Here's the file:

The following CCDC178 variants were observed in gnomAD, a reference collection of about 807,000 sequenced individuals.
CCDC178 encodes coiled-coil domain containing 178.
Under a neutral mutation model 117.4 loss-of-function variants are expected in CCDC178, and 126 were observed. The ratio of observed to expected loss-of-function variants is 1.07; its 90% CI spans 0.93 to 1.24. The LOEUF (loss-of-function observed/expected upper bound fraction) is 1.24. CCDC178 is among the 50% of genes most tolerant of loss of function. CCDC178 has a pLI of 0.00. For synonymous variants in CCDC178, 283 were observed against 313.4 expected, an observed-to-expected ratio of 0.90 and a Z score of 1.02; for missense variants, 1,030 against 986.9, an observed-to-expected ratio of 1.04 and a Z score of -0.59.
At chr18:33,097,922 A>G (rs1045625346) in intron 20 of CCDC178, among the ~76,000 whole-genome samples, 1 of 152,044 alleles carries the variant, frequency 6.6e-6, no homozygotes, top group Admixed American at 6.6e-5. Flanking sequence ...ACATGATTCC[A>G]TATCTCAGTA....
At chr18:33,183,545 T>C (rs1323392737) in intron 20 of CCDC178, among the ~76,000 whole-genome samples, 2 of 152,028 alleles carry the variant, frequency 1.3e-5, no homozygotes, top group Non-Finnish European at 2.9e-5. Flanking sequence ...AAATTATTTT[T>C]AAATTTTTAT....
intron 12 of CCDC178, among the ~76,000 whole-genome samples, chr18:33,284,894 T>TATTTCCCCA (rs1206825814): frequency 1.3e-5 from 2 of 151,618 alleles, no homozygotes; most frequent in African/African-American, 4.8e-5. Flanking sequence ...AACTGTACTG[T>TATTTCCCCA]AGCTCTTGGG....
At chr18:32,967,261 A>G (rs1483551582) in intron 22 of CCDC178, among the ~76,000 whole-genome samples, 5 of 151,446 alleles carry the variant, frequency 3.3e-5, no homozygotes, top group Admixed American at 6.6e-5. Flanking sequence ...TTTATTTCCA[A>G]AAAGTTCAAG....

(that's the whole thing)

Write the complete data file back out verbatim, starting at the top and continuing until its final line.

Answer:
The following CCDC178 variants were observed in gnomAD, a reference collection of about 807,000 sequenced individuals.
CCDC178 encodes coiled-coil domain containing 178.
Under a neutral mutation model 117.4 loss-of-function variants are expected in CCDC178, and 126 were observed. The ratio of observed to expected loss-of-function variants is 1.07; its 90% CI spans 0.93 to 1.24. The LOEUF (loss-of-function observed/expected upper bound fraction) is 1.24. CCDC178 is among the 50% of genes most tolerant of loss of function. CCDC178 has a pLI of 0.00. For synonymous variants in CCDC178, 283 were observed against 313.4 expected, an observed-to-expected ratio of 0.90 and a Z score of 1.02; for missense variants, 1,030 against 986.9, an observed-to-expected ratio of 1.04 and a Z score of -0.59.
At chr18:33,097,922 A>G (rs1045625346) in intron 20 of CCDC178, among the ~76,000 whole-genome samples, 1 of 152,044 alleles carries the variant, frequency 6.6e-6, no homozygotes, top group Admixed American at 6.6e-5. Flanking sequence ...ACATGATTCC[A>G]TATCTCAGTA....
At chr18:33,183,545 T>C (rs1323392737) in intron 20 of CCDC178, among the ~76,000 whole-genome samples, 2 of 152,028 alleles carry the variant, frequency 1.3e-5, no homozygotes, top group Non-Finnish European at 2.9e-5. Flanking sequence ...AAATTATTTT[T>C]AAATTTTTAT....
intron 12 of CCDC178, among the ~76,000 whole-genome samples, chr18:33,284,894 T>TATTTCCCCA (rs1206825814): frequency 1.3e-5 from 2 of 151,618 alleles, no homozygotes; most frequent in African/African-American, 4.8e-5. Flanking sequence ...AACTGTACTG[T>TATTTCCCCA]AGCTCTTGGG....
At chr18:32,967,261 A>G (rs1483551582) in intron 22 of CCDC178, among the ~76,000 whole-genome samples, 5 of 151,446 alleles carry the variant, frequency 3.3e-5, no homozygotes, top group Admixed American at 6.6e-5. Flanking sequence ...TTTATTTCCA[A>G]AAAGTTCAAG....